• Check the Search Admin page for any sort of propagation error
    • Try removing the Query role from the server reporting the propagation error
    • This Query role can be reapplied at a later time
  • Another troubleshooting tactic is configuring the Indexer server to have both the Indexing and Query roles to make “Propagation not required”. In this scenario – even if there are multiple query roles – the index does not need to propagate to any server and it remains entirely on the Indexer (and queries will still be returned for the end users)


Check Other Common Show Stoppers


Determine if the Search service appears correctly provisioned on the Indexer server

  • In Services on Server from Central Admin, what is the state of the Office Server Search service for the Indexer server?
    • Note: If you stop the Search Service here, it will attempt to un-provision search on that server and remove the index
  • From the Indexer server in services.msc, what is the state of the Search service (e.g. Office Server Search)?
    • The expect state is Started with a Manual start type
  • From the Indexer server in the path for the Index, check for a GUID-named folder (e.g. something that looks like baaf81ca-30bf-4657-adc5-97576c1d6d9d …although your GUID will differ from this)
    • From the Central Admin -> SSP Administration page, hover over the SSP and select Edit Properties. Here, you will see the Index location
    • The default Index location is C:\Program Files\Microsoft Office Servers\1.0\Data\Office Server\Applications\  
  • From the Indexer server in regedit, do you see a path with the same GUID value as above. For example:
    • HKEY_LOCAL_MACHINE\Software\Microsoft\Office Server\12.0\Search\Applications\baaf81ca-30bf-4657-adc5-97576c1d6d9d\
    • If this branch present, verify you also see the following sub-branches
      • .\CatalogNames
      • .\Gather
      • .\Gatherer Matrix Plugin
      • .\Gathering Manager
      • .\ResourceManager

If you find any items that seem off, try recycling the services (as above) and then review the Index/registry paths again to verify if they are present.


Invasive Option 1: Build/migrate to a new SSP

At this point, it may make sense to create a new SSP and begin crawling content while continuing to work on the problematic SSP. With this, you could be that much further ahead if the efforts troubleshooting garner no result and you find yourself needing to create a new SSP.

  • While the new SSP crawls, the broken SSP *may still be used to service queries (albeit state results) in the meantime
    • This of course assumes that the query component(s) are still responding to the WFE(s) regarding queries  …your mileage here may vary
  • Once the crawl completes, you can then move all the Web Applications to this new SSP

Invasive Option 2: Reset the Index

Invasive Option 3: Re-provision Search and/or migrate the Indexer role to another server

If creating a new SSP is not a good option (e.g. you have too many managed properties, scopes, etc), then you can attempt to re-provision search services using the following:

  • From Central Admin -> Operations -> Services on Server:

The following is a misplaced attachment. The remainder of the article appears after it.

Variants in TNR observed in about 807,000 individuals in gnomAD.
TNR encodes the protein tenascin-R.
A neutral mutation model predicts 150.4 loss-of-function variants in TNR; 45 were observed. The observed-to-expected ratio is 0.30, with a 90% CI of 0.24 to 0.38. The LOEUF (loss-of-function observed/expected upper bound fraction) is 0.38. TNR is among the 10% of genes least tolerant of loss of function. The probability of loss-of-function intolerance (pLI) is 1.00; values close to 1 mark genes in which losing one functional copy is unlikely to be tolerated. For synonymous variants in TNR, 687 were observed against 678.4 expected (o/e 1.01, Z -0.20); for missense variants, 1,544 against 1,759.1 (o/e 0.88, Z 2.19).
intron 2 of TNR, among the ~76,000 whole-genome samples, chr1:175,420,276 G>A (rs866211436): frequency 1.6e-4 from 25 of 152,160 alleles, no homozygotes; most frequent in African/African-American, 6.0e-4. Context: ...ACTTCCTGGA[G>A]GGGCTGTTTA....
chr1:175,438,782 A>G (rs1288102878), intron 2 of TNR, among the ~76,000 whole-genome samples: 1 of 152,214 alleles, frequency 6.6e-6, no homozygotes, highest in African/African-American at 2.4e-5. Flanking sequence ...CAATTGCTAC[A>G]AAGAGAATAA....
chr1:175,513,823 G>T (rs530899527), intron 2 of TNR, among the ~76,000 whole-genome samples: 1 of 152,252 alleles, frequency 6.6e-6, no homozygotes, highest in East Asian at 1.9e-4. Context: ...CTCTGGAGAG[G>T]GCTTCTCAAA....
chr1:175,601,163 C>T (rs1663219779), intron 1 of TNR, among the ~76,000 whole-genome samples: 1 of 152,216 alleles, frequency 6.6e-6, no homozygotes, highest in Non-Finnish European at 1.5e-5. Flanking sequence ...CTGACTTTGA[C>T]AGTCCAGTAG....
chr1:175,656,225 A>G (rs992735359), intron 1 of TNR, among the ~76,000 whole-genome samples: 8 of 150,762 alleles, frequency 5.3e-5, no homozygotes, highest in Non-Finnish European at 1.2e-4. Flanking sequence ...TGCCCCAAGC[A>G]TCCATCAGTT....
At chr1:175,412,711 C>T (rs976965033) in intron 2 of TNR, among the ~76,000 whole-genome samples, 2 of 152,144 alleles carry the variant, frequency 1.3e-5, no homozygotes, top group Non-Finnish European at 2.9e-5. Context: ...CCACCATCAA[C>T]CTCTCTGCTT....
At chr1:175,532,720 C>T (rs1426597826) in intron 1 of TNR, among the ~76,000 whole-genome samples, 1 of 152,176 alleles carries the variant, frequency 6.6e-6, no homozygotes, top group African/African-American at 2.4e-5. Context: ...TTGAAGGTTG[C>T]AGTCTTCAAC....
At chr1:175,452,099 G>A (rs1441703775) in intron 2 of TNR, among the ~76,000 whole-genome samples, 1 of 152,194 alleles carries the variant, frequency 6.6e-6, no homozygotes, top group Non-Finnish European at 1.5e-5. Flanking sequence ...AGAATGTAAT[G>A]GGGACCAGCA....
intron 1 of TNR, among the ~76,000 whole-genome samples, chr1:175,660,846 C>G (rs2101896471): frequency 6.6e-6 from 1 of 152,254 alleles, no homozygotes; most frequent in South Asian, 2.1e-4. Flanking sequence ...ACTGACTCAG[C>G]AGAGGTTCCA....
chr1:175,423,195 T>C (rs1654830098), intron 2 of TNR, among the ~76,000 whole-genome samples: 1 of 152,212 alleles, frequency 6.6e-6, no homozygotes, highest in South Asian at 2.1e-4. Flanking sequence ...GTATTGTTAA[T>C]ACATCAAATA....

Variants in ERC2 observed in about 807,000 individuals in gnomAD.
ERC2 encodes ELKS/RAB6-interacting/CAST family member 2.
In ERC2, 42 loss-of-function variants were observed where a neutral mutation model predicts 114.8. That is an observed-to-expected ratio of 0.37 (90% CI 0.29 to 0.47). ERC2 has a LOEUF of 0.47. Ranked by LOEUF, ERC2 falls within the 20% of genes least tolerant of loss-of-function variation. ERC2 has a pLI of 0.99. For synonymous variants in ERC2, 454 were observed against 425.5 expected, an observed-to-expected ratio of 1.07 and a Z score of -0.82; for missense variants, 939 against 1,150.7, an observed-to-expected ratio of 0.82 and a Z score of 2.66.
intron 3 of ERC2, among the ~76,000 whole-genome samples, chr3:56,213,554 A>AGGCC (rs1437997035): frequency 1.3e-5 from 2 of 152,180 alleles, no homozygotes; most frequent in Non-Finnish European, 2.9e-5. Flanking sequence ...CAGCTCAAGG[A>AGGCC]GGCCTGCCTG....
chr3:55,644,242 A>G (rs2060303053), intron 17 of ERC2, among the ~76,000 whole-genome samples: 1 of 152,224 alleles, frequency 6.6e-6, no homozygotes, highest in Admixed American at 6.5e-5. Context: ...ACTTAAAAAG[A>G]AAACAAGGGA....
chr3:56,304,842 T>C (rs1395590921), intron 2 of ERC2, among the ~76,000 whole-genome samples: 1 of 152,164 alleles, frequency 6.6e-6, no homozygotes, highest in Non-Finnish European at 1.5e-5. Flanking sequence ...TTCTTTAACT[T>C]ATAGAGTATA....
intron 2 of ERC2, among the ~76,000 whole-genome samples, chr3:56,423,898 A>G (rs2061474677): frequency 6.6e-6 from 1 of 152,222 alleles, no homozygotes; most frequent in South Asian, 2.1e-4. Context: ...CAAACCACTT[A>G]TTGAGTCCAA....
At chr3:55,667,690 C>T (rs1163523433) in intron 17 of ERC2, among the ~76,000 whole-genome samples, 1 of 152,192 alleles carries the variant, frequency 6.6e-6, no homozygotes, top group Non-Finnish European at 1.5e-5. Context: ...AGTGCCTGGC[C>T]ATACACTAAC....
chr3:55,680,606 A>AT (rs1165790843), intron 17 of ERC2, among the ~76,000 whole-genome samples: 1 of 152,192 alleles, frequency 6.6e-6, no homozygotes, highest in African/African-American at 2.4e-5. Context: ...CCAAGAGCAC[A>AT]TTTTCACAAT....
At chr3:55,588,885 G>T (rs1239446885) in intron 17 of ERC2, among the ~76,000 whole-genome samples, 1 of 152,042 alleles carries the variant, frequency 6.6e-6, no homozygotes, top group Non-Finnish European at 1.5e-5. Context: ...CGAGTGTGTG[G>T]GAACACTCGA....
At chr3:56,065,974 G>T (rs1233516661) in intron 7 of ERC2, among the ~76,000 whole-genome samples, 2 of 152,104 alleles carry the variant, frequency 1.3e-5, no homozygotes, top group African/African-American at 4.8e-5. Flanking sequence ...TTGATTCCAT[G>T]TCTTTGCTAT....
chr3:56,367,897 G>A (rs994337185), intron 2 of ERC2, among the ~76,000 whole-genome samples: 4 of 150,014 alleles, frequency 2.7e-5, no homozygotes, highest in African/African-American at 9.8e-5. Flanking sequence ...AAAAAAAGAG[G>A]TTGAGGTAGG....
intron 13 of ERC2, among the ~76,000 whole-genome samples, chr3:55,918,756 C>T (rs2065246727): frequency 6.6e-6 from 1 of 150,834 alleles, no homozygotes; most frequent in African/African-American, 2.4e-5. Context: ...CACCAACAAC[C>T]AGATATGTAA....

• For the servers with only a Query role (e.g. WFE1 and WFE2):
      • Select the WFE1 server
      • Stop and then start the Office Server Search service
      • Repeat the steps on server WFE2
  • For the Indexer server, you can attempt the same (e.g. stop/start the Search service), but it may not allow you to given that this server is the Indexer for the SSP
    • Note: Stopping the Search Service on the Indexer will remove the index
    • If the search service cannot be stopped on the Indexer, another tactic is to [temporarily] start the Indexer role on another server and then point the SSP to this new Indexer server
    • Once the SSP is using the newIndexer server, attempt a more thorough re-provisioning of search on the original Indexer server with the following:
      • Remote into the original Indexer server
      • Stop the Search Service using the command: stsadm -o osearch -action stop
      • Make sure the Office SharePoint Server Search service is stopped in both the Service Console (services.msc) on the Indxer and in the Central Admin GUI
      • Un-provision the Search Service using the command:
      • iisreset
      • Re-provision the Search Service using the command:
      • Start the search Service using the command:
      • If the Search service can be successfully started, you can then update the SSP to use the Indexer server once again

Check the RegistryBlob for Corruption

If the problem persists or things seem to be incompletely provisioned, then the SSP may be corrupted. In several occasions, I found this caused by the RegistryBlob stored in the SSP database getting corrupted. The RegistryBlob is propagated locally to the Indexer – look for a file name RegistryBlob.reg in the path for the Index (check the SSP configuration settings to confirm this path for the Indexer). If this file doesn’t exist or contains corrupted characters, then chances are good that the value in the database is also corrupted. If you find a corrupted RegistryBlob, it’s worth opening a support case, but – given the nature of corruption – there is no guarantee that this can be resolved.

If the problem still persists after all of this, unfortunately, creating a new SSP is then going to be the only real option…